Tag Archives | etiquette

Have you written a letter lately? You know, the old school method with pen, paper and ink? Chances are you probably haven’t, which means that like most people you use email today to stay in contact with people. While you may know the basics of email etiquette, many people forget that it’s more than just pressing send. Check out this infographic on email etiquette – we’ve summarized our favourite tips below.

Email Etiquette Checklist Read before pressing send

This infographic was contributed by guest author Sarai Sinai and Outbox Documents.

  1. Make sure to add a subject line, no matter the subject and no matter the urgency of the email. Having that subject line there for the recipient will help them prioritize the emails they receive and respond appropriately. They can shuffle through all the spam, work and fun emails they receive and get back to you as soon possible.
  2. Never use casual salutations when sending an email, even if it’s to a friend or someone you know very well. It’s best to use “hi” and “hello” as they are the traditional salutations and will work for both casual and professional emails.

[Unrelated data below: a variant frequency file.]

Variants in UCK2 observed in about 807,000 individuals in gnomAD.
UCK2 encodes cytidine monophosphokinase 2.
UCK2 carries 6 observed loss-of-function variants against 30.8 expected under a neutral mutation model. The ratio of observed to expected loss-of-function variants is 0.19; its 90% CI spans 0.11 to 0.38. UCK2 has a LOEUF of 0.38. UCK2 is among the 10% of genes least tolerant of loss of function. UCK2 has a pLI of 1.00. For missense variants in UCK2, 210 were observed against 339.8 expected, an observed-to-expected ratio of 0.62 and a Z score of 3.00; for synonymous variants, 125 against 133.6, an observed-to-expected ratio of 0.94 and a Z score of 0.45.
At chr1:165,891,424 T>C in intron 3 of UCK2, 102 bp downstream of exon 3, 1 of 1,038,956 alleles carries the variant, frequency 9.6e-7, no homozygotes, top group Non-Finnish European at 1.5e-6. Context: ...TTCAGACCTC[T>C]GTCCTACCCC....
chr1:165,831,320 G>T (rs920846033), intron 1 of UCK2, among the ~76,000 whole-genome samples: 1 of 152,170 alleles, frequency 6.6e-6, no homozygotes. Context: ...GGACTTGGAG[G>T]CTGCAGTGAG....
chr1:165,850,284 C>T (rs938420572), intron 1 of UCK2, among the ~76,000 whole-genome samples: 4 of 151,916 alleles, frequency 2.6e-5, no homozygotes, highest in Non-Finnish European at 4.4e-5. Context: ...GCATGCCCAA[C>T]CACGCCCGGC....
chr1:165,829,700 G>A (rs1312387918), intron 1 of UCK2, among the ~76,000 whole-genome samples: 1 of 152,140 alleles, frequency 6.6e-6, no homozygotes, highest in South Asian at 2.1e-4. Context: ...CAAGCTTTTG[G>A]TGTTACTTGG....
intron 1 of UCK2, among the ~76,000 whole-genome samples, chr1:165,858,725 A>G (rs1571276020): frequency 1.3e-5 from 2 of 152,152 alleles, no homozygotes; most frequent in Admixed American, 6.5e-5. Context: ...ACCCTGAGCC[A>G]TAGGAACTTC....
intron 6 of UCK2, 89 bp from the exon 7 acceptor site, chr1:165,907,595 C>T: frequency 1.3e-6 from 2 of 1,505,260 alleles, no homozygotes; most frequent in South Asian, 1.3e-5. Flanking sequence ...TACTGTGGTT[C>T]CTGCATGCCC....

3. Add the recipient’s email address last when preparing your email; you don’t want to end up accidentally sending an unfinished email. This could reflect poorly on you.
  4. Refrain from using walls of text as the formatting of your email. It’s ugly, unpleasant to read and will surely not be appreciated by the recipient. Format your email so that it’s easy to read and will highlight the main points. Make sure to proofread; spelling errors will never help you. Don’t jeopardize your professional career over an extra minute of review.
  5. Avoid double messaging if a face to face meeting would be better suited. Following up twice or calling too much may show your dedication, but it will annoy your employer if you do it too much.
  6. The “reply all” button is not to be used often. This is ok if the email involves two or three recipients discussing work tasks. But if you “reply all” for party invites or massive work emails, then everyone will see your email and wonder why it’s taking up room in their inbox when it doesn’t pertain to them.
  7. Don’t scare people into action by using intense email subject lines. Use the “urgent” and the high priority flag individually and avoid sending an email with both in the subject line. Scaring people into reading your email is never nice, certainly if it’s just to ask where the stapler is!